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Australian Football League: “home advantage”, “umpire bias” or both?

John Watson (UWA Business School, The University of Western Australia, Crawley, Australia)

Sport, Business and Management

ISSN: 2042-678X

Article publication date: 12 July 2013



This study sought to clarify potentially conflicting results from two prior studies examining the “home advantage”, and possible “umpire bias”, in the Australian Football League (AFL).


Using categorical regression analysis, and controlling for team ability, the number of free kicks awarded to/against each AFL team during the home and away season of 2006 was investigated.


The findings support previous research suggesting home teams generally win more often and receive more favourable treatment from umpires. However, for games involving both a Victorian and a non‐Victorian team, there is clear evidence of “umpire bias” (beyond the traditional “home advantage”) operating against non‐Victorian teams.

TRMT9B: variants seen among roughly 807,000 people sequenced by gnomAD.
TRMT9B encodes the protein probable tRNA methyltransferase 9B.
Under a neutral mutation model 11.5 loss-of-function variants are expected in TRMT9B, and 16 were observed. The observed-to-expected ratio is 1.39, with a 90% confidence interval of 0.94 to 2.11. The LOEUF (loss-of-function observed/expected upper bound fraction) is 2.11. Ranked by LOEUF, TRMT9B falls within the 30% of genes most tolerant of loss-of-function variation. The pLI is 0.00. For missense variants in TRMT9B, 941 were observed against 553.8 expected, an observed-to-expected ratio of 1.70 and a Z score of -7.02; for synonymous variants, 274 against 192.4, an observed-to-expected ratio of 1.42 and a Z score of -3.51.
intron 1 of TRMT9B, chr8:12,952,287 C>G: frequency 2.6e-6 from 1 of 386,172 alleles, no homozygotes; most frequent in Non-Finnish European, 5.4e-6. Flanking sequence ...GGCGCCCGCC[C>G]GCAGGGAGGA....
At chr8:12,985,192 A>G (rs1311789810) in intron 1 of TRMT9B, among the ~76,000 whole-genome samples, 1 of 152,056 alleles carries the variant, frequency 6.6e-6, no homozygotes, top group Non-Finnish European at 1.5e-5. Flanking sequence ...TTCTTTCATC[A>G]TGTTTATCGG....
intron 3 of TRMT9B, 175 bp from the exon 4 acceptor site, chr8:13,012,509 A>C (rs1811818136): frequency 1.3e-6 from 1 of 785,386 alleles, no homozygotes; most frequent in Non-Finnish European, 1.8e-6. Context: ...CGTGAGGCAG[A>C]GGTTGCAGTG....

Research limitations/implications

A major limitation of this study is that it only considers the number of free kicks awarded and not where, or when, those free kicks are awarded.

Practical implications

The findings suggest that the AFL should seriously consider appointing neutral umpires for all games (particularly those involving a Victorian and non‐Victorian team) and establishing an independent panel to oversee the development and selection of AFL umpires.


This is the first study of potential “bias” in the AFL that controls for team ability and, as such, helps to reconcile conflicting conclusions from two prior studies.



Watson, J. (2013), "Australian Football League: “home advantage”, “umpire bias” or both?", Sport, Business and Management, Vol. 3 No. 3, pp. 176-188.



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